Cars > Driven

Maxus G10 Assist: PWDs don’t have to get left behind

Your loved ones will like this van's party piece

This G10 may look normal, but it's got a rather special optional extra. PHOTO BY MIGGI SOLIDUM

Living with physically challenged loved ones isn’t simply about helping them overcome the trials brought about by their disabilities. There is a mental aspect to it, the horrors of which is something that they regularly have to deal with. Take for instance my 82-year old maternal grandfather. With a weakened pelvis, he can no longer walk and do other stuff unassisted—which I feel like he hasn’t completely accepted.

The chair where the 'assist' in G10 Assist comes from. PHOTO BY MIGGI SOLIDUM

And that brings me to family trips. Tatay, as we fondly call him, would often beg off simply because we would always have to help him out getting on and off our SUV. One thing that he couldn’t really come to terms with was the fact that I now have to physically lift him up to get him seated, hence his frequent refusal to go. But when I told Tatay about the fancy new Maxus G10 Assist and its special seat, he looked forward to the short trip to the steakhouse we were going to have lunch in.

The special seat gets so close to the ground so that even short PWDs can easily access it. PHOTOS BY MIGGI SOLIDUM

It’s hard not to focus on the Maxus G10 Assist’s motorized seat since it is basically the reason that this car exists. I like the fact that the design and materials used essentially mimic the rest of the van’s interior. Even the mechanism that powers the seat is compact enough that it doesn’t rob the legroom of the guy sitting behind. Perhaps my only complaint about it is the fact that this this test unit’s PWD chair rattles when unoccupied.

The speed at which the seat went between the cabin and ground level was just enough to not rattle Tatay’s nerves. Of course, using it for the first time gave him some jitters but he eventually got used to it. The seat also goes low enough that he can switch to and from his wheelchair without difficulty. The need for me to get him properly seated was eliminated, and along with the promise of a juicy, medium well ribeye, was reason enough for my grandfather to come with us.

Tatay could've used this remote himself, but he let the author do the honors. PHOTO BY MIGGI SOLIDUM

As a van, the Maxus G10 does quite well as a people carrier. The rear suspension makes use of coil springs which makes the vehicle quite comfortable even when unladen. The second- and third-row seats are adjustable so that each passenger has ample legroom. I like the fact that Maxus even includes a 220V household outlet, a feature that I think should be standard equipment in people haulers like this one. The quality of the interior plastics could be better but given the G10’s purpose as a commercial vehicle, I’m not complaining.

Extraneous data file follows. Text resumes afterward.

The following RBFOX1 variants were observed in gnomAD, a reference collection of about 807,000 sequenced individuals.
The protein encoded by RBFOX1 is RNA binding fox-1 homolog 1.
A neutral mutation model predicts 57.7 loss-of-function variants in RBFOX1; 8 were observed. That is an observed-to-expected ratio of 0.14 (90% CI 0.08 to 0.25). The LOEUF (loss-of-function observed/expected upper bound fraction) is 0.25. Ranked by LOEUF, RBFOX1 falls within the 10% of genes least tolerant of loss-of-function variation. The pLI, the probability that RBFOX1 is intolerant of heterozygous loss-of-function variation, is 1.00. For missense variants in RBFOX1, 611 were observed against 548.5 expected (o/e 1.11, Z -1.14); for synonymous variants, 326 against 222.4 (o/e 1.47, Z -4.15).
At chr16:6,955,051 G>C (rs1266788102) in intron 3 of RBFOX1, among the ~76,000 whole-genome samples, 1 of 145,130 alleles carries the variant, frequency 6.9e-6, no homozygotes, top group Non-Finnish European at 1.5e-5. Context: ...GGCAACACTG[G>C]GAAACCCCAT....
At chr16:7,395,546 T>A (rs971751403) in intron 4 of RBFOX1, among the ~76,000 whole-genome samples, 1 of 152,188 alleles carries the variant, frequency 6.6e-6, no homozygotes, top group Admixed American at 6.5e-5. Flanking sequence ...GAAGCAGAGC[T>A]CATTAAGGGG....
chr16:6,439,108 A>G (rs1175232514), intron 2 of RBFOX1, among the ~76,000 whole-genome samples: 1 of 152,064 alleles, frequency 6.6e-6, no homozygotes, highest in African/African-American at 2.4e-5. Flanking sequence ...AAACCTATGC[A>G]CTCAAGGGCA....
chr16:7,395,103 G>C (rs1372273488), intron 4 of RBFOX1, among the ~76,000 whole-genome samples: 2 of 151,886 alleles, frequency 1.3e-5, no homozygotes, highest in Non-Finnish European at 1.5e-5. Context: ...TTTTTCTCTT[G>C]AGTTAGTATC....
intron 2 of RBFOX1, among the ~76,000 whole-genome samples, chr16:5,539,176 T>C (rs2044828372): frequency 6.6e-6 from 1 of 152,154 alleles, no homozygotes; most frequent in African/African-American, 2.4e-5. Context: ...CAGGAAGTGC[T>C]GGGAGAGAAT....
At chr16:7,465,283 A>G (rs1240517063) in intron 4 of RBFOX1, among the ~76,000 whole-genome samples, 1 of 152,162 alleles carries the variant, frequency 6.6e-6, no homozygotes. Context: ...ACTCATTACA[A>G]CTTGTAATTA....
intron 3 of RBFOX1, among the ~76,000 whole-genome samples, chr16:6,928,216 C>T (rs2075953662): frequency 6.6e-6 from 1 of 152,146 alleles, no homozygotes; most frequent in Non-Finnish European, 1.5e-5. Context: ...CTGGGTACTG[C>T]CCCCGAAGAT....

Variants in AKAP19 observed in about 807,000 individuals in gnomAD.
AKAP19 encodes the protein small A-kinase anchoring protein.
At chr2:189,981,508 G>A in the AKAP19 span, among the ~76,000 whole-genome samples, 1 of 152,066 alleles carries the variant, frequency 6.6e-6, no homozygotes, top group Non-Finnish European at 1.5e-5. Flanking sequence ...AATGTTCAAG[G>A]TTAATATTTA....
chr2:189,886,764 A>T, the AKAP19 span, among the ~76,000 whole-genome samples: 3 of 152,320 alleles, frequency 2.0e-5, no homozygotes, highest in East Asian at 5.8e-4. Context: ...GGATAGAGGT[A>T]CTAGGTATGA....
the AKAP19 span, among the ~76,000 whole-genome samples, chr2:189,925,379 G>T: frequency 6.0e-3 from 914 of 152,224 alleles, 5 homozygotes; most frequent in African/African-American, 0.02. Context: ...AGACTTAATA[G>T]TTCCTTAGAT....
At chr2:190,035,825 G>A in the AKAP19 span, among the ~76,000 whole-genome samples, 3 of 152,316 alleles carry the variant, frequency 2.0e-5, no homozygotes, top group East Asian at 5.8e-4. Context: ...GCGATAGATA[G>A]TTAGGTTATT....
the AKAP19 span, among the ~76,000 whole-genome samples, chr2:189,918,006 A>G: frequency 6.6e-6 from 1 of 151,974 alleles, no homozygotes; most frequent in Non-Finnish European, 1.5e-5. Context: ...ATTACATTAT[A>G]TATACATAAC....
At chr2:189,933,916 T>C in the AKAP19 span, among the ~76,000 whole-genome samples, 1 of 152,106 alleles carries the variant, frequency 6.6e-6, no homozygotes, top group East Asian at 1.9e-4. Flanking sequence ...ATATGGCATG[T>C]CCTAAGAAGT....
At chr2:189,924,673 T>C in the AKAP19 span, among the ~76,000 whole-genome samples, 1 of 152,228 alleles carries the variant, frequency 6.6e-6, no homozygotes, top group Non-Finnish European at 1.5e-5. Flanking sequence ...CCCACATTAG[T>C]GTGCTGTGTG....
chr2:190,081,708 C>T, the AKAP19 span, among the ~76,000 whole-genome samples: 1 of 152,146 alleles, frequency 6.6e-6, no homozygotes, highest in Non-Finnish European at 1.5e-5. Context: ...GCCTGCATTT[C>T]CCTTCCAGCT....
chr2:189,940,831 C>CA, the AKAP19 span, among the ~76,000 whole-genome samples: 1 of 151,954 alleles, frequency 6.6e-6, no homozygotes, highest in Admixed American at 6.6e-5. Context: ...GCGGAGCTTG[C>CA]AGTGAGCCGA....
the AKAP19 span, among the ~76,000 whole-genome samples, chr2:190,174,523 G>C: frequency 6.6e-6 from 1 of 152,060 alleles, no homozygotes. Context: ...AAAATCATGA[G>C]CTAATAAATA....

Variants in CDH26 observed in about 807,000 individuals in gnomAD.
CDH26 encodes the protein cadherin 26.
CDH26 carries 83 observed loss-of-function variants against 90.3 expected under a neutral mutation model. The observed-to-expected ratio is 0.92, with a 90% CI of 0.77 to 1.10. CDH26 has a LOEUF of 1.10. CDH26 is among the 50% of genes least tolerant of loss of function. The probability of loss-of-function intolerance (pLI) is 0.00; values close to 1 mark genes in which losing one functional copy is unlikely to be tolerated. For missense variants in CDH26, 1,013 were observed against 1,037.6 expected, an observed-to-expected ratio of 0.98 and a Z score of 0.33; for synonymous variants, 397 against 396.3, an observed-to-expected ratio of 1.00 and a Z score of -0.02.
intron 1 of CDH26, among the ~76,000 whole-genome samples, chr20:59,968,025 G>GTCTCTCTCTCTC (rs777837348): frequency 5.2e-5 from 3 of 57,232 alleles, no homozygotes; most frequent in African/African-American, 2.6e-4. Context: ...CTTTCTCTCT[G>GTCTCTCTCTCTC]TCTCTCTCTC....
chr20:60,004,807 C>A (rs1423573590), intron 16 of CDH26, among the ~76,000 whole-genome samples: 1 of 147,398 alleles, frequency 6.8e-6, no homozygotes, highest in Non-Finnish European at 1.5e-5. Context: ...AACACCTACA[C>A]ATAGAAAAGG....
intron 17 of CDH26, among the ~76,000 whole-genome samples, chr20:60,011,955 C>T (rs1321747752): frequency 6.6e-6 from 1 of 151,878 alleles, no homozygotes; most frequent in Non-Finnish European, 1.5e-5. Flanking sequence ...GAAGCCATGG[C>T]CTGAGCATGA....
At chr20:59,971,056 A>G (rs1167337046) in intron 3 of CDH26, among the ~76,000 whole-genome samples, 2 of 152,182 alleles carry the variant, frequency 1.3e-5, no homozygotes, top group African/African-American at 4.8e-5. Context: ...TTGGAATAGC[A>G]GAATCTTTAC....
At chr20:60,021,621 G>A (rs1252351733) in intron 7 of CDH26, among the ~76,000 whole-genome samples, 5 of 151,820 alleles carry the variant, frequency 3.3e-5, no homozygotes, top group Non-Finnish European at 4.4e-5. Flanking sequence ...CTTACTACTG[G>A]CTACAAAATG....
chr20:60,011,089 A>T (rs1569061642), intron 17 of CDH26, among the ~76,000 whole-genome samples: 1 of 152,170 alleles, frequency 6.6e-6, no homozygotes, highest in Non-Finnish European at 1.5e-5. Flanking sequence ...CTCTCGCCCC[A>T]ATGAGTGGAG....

The author's grandfather will surely enjoy long road trips in the Maxus G10. PHOTOS BY MIGGI SOLIDUM

However, one thing that constantly annoyed me was the G10’s powertrain. I’m inclined to believe that the 1.9-liter turbocharged diesel engine is a high-tech unit given the power and torque figures of 148hp and 350Nm, respectively. It can maintain triple-digit speeds on the highway, but it’s the acceleration from a standstill that leaves me wanting. It’s unusually lethargic even for a van, and the six-speed automatic gearbox’s tendency to upshift as early as possible doesn’t help.

This is a vehicle that brings joy to the physically challenged. PHOTO BY MIGGI SOLIDUM

Of course, straight-line performance isn’t really the reason why people buy vans; I just have a heavy right foot. With prices starting at P1.79 million, the Maxus G10 is a capable people carrier that offers value-for-money. I saw the merits of the Assist package when Tatay finally rode a vehicle that did all the work his grandkids used to do. The car’s PWD seat may have a P399,800 premium over the standard model, but seeing my grandfather’s beaming smile is simply priceless.


Engine1.9-liter four-cylinder turbo diesel
Transmission6-speed automatic
Power148hp @ 4,000rpm
Torque350Nm @ 1,800-2,600rpm
Dimensions5,168mm x 1,980mm x 1,928mm
Drive layoutRWD
UpsideThe motorized seat trumps everything competing vans offer at the dealership.
DownsideDiesel engine and automatic gearbox are quite lazy off the line.

Miggi Solidum

Professionally speaking, Miggi is a software engineering dude who happens to like cars a lot. And as an automotive enthusiast, he wants a platform from which he can share his motoring thoughts with fellow petrolheads. He pens the column ‘G-Force’.